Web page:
• Mousedoctor, thank you for posting this info on safety of GA during breastfeeding. This type of information is scarce and very meaningful to moms with MS. Over decade ago, after aggressive MS attack while pregnant, I was advised in hospital by all medical staff/drs my dmt was not proven safe to breastfeed and not to breast feed. But the helpful, but a bit militant laleche league reps, (breast feeding proponents non profit agency) who visited me unsolicited bedside implored me to breast feed anyway because my DMT was not proven unsafe. Certainly not an ideal situation for decision making. And a perfect way to fill a new mother’s mind with fear and uncertainty. MS does that on its own, the issue of breastfeeding just heightens the anxiety. I opted to start DMT one week after birth so that I could give my newborn all the benefits of closetrum for a single week. My advice To all Breastfeeders, get the facts, discuss with medical providers and midwives, and be confident the very personal decision you make about breastfeeding is best decision for you and your baby.

  • Do you think the dosing amount/frequency of GA (20mg every day or 40mg every 3 days) is necessary as it currently is to maintain efficacy? If not, what do you think the lowest dose/frequency that would be needed to maintain efficacy?

    • If you look at AAN2022 the are posts on glateriami acetate Depot (Shall I did these out)….this is given once a month…when you have no idea what it is doing or how it is working then you shoot in the dark.Lets do it once a day once a month once evry 6 months..it is the medicinal compound (https://youtu.be/2x8D4T–0v4) after all…It is all about Intectectual property and marketing. When the 20mg daily patent eventually ran out 40mg three times weekly arrived then someone else came up with the monthly and why not the two monthy…..then 6 monthly etc. Yes I am only joking but hopefully you get the point I doubt it is based on pharmacokinetics….what is the evidence that ocrelizumab has to be given every 6 months for example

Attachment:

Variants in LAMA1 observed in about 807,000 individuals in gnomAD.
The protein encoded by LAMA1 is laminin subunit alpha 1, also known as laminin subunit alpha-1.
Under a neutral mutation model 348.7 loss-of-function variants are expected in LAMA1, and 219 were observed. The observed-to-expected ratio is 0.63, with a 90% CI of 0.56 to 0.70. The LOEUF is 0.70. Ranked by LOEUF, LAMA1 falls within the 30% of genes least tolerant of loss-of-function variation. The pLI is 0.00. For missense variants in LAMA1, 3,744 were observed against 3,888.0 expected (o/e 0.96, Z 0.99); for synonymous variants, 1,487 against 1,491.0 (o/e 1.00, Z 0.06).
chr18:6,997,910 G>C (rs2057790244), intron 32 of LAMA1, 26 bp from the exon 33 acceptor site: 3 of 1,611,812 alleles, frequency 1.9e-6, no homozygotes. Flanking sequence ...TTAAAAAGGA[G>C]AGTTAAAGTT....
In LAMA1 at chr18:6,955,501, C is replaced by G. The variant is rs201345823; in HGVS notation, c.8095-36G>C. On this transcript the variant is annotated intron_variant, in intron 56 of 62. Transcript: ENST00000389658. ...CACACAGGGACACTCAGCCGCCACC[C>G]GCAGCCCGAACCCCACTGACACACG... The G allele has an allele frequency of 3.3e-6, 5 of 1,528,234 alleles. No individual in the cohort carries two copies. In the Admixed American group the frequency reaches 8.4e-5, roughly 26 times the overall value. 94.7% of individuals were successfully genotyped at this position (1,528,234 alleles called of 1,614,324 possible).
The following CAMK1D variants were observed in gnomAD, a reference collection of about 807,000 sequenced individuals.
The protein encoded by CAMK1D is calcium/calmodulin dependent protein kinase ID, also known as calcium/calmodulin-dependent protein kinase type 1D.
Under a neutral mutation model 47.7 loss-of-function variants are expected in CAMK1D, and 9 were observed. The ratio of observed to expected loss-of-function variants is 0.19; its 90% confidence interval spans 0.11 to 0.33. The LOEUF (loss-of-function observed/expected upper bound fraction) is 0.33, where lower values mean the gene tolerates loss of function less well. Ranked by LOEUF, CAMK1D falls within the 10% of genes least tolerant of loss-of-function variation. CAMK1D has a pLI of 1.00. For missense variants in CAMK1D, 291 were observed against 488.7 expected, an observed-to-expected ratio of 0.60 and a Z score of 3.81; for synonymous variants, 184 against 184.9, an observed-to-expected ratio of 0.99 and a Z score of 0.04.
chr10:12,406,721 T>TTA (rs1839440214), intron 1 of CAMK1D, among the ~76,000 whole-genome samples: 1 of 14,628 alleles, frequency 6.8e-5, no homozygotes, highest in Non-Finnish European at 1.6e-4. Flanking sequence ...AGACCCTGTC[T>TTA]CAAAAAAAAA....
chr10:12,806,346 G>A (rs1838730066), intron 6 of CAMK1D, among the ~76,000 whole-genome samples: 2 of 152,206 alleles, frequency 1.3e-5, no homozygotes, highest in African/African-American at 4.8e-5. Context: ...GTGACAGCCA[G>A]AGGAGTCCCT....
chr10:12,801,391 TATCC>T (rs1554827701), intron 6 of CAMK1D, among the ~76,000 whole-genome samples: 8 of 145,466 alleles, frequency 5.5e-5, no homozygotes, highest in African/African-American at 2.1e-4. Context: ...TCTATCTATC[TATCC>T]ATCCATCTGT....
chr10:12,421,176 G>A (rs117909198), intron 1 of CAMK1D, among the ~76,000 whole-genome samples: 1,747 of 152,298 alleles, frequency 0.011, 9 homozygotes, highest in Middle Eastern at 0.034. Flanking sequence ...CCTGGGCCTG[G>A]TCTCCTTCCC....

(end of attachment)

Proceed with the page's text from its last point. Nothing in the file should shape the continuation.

• Yeah, I have seen the once a month 80 mg or 40 mg dosing schedule for GA depot. I can’t find anything about the half-life but even a daily continuous dose from where the depot is injected seems much lower than current GA doses. The only thing I could find on the original dosing was this excerpt below from “Multiple Sclerosis: Trial of a Synthetic Polypeptide” (https://onlinelibrary.wiley.com/doi/pdfdirect/10.1002/ana.410110314)

        “The COP I first was prepared at a concentration of 5 mg per milliliter of sterile saline solution. This was to be given to each patient intramuscularly five times a week for the first three weeks, three times a week for the next three weeks, twice a week for the next three weeks, and, finally, once a week for the balance of a six-month period, at which time we originally
        planned to terminate the trial.
        During institution of the COP I treatment, many patients reported, and in fact demonstrated, early improvements in various neurological functions. As time went on and as the dosage was reduced, these early improvements disappeared. Most patients returned to their previous neurological status and continued their chronic-progressive course. During the ensuing months the dosage was gradually increased. By the end of the first eighteen-month period, those patients who were still on the COP I regimen were receiving 20 mg per day in 1 ml of saline.”